recording of The House of the Seven Gables, by Nathaniel Hawthorne. Read by Mark F. Smith.
"The wrongdoing of one generation lives into the successive ones and... becomes a pure and uncontrollable mischief." Hawthorne's moral for "The House of the Seven Gables," taken from the Preface, accurately presages his story. The full weight of the gloomy mansion of the title seems to sit on the fortunes of the Pyncheon family. An ancestor took advantage of the Salem witch trials to wrest away the land whereon the house would be raised... but the land's owner, about to be executed as a wizard, cursed the Pyncheon family until such time as they should make restitution.
Now, almost two centuries later, the family is in real distress. Hepzibah, an old maid and resident of the house, is forced by advanced poverty to open a shop in a part of the house. Her brother Clifford has just been released from prison after serving a thirty-year sentence for murder, and his mind struggles to maintain any kind of hold on reality. Cousin Judge Jaffrey Pyncheon is making himself odious by threatening to have Clifford committed to an institution. And after all these years, the deed to a vast tract of land, that would settle great wealth on the family, is still missing.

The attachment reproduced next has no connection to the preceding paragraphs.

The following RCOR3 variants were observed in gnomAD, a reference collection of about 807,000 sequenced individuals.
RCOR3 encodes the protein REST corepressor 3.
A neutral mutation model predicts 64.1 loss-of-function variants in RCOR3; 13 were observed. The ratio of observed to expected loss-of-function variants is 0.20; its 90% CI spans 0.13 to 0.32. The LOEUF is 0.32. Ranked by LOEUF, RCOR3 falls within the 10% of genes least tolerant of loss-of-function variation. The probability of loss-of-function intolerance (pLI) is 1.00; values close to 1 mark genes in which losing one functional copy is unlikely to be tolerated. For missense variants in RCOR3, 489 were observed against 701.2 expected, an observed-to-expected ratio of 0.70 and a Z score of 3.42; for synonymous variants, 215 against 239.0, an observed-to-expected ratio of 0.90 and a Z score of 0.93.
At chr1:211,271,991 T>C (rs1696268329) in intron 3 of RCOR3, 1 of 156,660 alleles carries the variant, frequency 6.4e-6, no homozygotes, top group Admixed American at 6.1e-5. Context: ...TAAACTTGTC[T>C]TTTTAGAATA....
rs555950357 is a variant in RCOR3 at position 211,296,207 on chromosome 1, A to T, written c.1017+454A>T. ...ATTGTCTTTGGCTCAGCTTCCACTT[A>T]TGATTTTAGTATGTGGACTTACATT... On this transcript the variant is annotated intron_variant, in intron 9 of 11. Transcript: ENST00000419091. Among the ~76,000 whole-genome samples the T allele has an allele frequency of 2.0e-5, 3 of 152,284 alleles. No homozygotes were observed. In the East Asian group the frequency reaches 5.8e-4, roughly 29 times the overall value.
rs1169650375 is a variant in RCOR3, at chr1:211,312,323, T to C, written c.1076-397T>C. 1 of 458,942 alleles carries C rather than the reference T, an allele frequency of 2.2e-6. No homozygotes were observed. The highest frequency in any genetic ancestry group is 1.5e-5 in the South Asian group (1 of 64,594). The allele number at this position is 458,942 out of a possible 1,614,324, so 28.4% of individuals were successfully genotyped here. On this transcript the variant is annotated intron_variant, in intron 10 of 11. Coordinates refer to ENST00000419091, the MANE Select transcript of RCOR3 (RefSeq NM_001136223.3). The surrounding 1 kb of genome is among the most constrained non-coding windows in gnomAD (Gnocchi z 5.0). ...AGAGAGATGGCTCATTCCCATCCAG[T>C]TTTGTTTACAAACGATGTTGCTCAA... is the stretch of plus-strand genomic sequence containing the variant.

One bright ray of sunshine enters the house when cousin Phoebe arrives for an extended stay to allow unhappy matters in her end of the family to sort themselves out. While she lightens the lives of Hepzibah and Clifford, she also attracts the attention of a mysterious lodger named Holgrave, who has placed himself near the Pyncheon family for reasons that only come clear at the end of the story.
The real crisis arrives when the Judge, who strongly resembles the Colonel Pyncheon who built the house so many years ago, steps up his demands on Hepzibah and Clifford and unwittingly triggers the curse. (Summary by Mark F. Smith)
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May 28, 2010
Excellent reading of an American Classic
To a modern ear, Hawthorne spends a lot of time getting to the point, but that's part of the enjoyment of this book. If you're looking for action/adventure, look elsewhere. This is a character study of some rather odd, but sympathetic old New Englanders, brightened by a ray of sunshine that is Phoebe and a bit of mystery that is Holgrave.
This is an excellent solo recording by Mark Smith. Mark's use of voices helps to keep the characters straight and adds a bit of flavor without distracting from the story.